Welcome to the Archaeological Society of South Carolina, Inc. (ASSC)

The Archaeological Society of South Carolina has been in operation since 1968. Our goal is to share information about South Carolina's archaeological heritage. We do this through our
annual conference, which is held in the Spring, a Fall Field Day event, a quarterly newsletter, and via the internet with this web site, a blog, and a Facebook page.

New ASSC Chapter Organizing in Beaufort

The Archaeology Society of South Carolina Beaufort continues its organization path.  Because there are many people north of the Broad River who are interested in archaeology, there will be a meeting, Monday, March 24th.  The meeting will be held in the Children's Programming Room at on the 1st floor of the Beaufort County Library, Scott St. at noon. 
Guest speaker will be Dr. Eric Poplin, Senior Archaeologist of Brockington and Assc., SC.  His talk will include information about the Altamaha town, located in Beaufort County.
Dr. Eric Poplin (Ph.D., University of Calgary, RPA) has extensive experience with cultural resource management studies in the Southeast. He is well versed in studies of both the prehistoric and historic periods, and has completed a large number of cultural resource projects for the U.S. Army Corps of Engineers (including Savannah, New Orleans, Mobile, Jacksonville, Norfolk, and Wilmington Districts), S.C. Department of Transportation, and many federal, state, and local agencies in the Southeast. Dr. Poplin has also worked extensively with private development firms required to identify cultural resources during application of state or federal permits.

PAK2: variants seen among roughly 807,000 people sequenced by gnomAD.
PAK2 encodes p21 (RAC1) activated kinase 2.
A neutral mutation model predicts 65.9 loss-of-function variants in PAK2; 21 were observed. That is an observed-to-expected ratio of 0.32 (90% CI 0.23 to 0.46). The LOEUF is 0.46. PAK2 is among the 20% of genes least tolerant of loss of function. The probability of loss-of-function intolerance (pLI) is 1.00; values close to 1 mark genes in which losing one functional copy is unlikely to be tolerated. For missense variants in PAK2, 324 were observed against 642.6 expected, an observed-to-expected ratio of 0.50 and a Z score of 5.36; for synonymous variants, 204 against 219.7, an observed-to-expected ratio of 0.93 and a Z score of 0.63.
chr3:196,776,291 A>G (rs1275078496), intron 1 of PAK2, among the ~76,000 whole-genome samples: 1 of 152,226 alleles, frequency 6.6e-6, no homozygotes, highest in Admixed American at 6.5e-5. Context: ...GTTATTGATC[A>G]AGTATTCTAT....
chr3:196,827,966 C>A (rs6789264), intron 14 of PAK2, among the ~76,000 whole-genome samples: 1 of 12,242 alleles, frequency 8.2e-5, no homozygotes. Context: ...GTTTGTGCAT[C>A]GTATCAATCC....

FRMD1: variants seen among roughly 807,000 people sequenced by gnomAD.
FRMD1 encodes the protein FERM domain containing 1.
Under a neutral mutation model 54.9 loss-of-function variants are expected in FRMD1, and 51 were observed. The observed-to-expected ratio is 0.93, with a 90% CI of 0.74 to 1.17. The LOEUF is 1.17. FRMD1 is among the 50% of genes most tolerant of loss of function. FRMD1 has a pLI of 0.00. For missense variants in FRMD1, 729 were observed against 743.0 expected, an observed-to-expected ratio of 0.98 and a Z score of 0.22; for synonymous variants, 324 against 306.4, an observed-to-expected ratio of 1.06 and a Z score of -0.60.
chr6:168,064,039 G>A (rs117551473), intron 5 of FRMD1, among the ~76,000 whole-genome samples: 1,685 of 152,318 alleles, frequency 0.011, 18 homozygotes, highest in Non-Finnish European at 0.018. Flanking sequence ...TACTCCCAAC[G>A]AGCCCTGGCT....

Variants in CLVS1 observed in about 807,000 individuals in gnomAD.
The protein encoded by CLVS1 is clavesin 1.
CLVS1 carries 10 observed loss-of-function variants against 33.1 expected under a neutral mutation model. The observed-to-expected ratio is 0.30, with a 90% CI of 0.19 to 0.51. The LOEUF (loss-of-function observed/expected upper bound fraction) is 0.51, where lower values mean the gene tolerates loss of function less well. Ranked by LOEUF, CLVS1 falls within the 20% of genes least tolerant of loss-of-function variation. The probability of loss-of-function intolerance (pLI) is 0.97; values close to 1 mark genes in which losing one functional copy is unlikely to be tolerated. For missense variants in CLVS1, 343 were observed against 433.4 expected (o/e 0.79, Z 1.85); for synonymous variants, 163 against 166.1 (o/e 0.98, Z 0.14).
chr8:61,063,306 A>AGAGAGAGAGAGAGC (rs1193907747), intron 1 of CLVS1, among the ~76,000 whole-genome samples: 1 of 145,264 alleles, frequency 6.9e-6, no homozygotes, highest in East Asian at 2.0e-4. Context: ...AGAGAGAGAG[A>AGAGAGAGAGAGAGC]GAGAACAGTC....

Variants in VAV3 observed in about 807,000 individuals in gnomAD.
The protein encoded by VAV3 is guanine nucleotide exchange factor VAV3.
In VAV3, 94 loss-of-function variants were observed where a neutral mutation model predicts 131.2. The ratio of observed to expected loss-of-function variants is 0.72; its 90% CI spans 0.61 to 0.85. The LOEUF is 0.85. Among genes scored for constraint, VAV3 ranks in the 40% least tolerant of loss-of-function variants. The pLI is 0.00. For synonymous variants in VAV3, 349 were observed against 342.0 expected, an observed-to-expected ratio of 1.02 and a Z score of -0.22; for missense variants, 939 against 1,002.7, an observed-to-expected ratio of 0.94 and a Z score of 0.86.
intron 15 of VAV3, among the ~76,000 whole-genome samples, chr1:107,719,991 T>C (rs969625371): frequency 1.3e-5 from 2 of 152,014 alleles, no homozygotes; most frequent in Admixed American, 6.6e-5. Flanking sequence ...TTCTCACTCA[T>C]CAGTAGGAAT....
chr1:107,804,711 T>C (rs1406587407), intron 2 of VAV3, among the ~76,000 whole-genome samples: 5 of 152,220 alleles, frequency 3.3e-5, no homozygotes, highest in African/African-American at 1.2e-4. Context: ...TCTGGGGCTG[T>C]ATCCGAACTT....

Recent projects have involved data recovery excavations at the 1710s-1920s Combahee Ferry site in Beaufort/Colleton Counties (South Carolina), the 1790s-1850s Barnett Plantation on Royal Island (The Bahamas), the 1750s-1860s Anson Barony/Baynard Plantation House and portions of the 1920s Wilson Mansion and Settlement at Palmetto Bluff in Bluffton (South Carolina), a Late Mississippian/Contact era hamlet/farmstead on Daniel Island in Charleston (South Carolina), and a stratified Late Archaic/Early Woodland site near Fish Dam Ford on the Broad River on the South Carolina Piedmont. Dr. Poplin serves as a company Vice President in our Charleston office.